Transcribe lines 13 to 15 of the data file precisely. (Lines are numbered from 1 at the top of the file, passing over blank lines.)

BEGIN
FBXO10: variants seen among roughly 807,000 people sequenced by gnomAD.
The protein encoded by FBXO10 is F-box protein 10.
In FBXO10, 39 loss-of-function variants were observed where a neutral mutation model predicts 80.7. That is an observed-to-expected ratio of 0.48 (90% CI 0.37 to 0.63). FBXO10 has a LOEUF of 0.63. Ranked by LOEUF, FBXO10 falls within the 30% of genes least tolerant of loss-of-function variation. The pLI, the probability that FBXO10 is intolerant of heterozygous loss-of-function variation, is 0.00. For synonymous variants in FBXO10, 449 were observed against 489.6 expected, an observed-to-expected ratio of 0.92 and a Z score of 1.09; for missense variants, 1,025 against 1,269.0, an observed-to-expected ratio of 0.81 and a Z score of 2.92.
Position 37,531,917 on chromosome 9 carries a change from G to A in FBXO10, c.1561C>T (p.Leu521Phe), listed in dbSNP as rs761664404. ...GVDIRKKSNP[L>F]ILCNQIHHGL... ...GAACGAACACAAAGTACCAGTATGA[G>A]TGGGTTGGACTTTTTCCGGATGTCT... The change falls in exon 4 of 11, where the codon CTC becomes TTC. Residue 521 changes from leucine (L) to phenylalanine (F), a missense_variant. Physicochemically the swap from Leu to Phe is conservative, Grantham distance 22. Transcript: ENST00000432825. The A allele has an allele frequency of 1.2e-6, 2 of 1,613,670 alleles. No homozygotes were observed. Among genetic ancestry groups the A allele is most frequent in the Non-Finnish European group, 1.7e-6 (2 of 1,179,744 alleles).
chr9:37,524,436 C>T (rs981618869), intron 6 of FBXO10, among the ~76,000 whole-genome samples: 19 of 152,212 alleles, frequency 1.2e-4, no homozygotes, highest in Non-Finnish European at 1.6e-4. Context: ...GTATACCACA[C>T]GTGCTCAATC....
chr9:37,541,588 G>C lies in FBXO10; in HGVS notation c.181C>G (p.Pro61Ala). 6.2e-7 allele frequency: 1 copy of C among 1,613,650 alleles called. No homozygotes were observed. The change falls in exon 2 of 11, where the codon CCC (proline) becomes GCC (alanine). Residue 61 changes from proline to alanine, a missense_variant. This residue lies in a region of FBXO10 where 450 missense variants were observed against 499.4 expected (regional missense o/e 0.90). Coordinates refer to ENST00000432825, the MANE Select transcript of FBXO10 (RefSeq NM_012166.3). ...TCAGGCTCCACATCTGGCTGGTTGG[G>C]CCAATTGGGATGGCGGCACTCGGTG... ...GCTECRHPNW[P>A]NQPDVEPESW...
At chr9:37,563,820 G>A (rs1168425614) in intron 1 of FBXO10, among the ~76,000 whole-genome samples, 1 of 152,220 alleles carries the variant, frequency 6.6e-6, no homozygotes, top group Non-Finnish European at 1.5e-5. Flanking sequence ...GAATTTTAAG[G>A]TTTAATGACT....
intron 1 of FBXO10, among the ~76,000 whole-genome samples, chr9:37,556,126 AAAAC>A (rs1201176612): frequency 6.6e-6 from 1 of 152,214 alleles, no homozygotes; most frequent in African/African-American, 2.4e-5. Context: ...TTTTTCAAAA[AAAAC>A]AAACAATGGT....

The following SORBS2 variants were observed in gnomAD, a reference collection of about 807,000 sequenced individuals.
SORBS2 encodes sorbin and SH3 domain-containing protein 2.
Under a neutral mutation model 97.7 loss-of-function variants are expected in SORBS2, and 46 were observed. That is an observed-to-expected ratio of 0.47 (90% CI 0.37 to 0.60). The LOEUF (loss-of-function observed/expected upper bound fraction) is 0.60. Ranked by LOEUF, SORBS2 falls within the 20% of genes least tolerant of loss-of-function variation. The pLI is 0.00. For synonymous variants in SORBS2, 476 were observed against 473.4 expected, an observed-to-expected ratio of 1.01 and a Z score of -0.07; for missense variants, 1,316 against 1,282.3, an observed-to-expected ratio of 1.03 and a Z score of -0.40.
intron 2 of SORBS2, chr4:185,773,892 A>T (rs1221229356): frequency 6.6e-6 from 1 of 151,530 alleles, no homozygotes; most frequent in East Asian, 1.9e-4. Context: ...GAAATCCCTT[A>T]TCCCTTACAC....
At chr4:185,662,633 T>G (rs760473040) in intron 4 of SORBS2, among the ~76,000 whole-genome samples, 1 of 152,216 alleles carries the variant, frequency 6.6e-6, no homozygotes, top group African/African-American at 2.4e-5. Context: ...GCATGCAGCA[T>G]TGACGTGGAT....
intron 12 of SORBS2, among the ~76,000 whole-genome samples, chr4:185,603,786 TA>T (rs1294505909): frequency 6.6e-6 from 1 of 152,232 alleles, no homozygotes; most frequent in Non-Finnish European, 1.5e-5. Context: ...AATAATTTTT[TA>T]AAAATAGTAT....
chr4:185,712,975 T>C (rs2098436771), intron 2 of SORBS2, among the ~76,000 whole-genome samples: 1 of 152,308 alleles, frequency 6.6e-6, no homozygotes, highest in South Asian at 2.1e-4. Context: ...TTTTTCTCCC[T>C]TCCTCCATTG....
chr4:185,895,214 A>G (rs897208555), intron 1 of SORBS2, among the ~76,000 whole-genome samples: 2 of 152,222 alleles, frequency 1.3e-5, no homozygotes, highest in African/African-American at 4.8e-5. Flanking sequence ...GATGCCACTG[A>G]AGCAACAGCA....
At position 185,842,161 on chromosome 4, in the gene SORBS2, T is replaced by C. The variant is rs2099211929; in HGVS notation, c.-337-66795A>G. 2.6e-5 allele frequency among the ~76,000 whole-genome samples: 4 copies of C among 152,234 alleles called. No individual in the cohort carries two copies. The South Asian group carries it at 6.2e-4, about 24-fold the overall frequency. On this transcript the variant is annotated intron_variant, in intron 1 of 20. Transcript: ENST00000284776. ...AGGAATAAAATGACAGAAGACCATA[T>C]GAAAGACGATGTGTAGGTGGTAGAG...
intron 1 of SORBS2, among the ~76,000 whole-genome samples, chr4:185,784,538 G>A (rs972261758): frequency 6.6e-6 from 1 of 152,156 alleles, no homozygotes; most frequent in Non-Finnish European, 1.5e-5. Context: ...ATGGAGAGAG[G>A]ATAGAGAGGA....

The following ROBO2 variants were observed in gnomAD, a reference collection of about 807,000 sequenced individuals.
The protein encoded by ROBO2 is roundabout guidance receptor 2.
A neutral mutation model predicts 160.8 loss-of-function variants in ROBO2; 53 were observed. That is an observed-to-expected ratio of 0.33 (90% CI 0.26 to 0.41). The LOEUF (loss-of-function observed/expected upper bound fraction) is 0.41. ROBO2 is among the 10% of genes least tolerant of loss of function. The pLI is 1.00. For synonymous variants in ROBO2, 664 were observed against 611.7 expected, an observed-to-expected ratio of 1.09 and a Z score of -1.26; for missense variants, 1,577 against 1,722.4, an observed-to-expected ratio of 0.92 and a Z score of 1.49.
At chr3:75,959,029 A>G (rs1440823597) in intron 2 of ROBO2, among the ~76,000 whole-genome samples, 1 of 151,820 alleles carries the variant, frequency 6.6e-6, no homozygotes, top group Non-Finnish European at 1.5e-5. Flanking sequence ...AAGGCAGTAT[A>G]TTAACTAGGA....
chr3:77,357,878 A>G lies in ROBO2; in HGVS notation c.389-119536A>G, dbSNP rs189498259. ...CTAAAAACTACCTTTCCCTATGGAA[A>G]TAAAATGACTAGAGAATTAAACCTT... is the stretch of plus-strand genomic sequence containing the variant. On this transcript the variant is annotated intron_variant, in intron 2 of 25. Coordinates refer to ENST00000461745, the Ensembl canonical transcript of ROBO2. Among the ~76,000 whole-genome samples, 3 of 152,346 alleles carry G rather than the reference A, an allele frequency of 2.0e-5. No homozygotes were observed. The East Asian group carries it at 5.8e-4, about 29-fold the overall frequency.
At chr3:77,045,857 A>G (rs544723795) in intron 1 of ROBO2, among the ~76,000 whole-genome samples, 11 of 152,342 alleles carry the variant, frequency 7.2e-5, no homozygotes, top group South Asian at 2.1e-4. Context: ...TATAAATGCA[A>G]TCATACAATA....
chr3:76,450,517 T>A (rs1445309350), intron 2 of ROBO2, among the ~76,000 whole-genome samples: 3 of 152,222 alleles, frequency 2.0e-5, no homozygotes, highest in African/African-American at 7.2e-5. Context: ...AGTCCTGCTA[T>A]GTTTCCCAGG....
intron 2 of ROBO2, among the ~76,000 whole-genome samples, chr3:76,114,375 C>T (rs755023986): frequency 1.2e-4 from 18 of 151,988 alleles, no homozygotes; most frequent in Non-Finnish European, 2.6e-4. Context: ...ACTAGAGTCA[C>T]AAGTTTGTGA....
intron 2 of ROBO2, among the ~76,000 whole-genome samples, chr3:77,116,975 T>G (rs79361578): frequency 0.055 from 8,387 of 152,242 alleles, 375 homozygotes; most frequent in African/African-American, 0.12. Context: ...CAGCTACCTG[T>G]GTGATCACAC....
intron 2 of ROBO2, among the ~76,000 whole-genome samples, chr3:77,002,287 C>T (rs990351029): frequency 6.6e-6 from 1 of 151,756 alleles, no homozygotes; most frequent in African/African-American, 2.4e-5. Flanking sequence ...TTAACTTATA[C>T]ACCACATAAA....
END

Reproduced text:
At chr4:185,662,633 T>G (rs760473040) in intron 4 of SORBS2, among the ~76,000 whole-genome samples, 1 of 152,216 alleles carries the variant, frequency 6.6e-6, no homozygotes, top group African/African-American at 2.4e-5. Context: ...GCATGCAGCA[T>G]TGACGTGGAT....
intron 12 of SORBS2, among the ~76,000 whole-genome samples, chr4:185,603,786 TA>T (rs1294505909): frequency 6.6e-6 from 1 of 152,232 alleles, no homozygotes; most frequent in Non-Finnish European, 1.5e-5. Context: ...AATAATTTTT[TA>T]AAAATAGTAT....
chr4:185,712,975 T>C (rs2098436771), intron 2 of SORBS2, among the ~76,000 whole-genome samples: 1 of 152,308 alleles, frequency 6.6e-6, no homozygotes, highest in South Asian at 2.1e-4. Context: ...TTTTTCTCCC[T>C]TCCTCCATTG....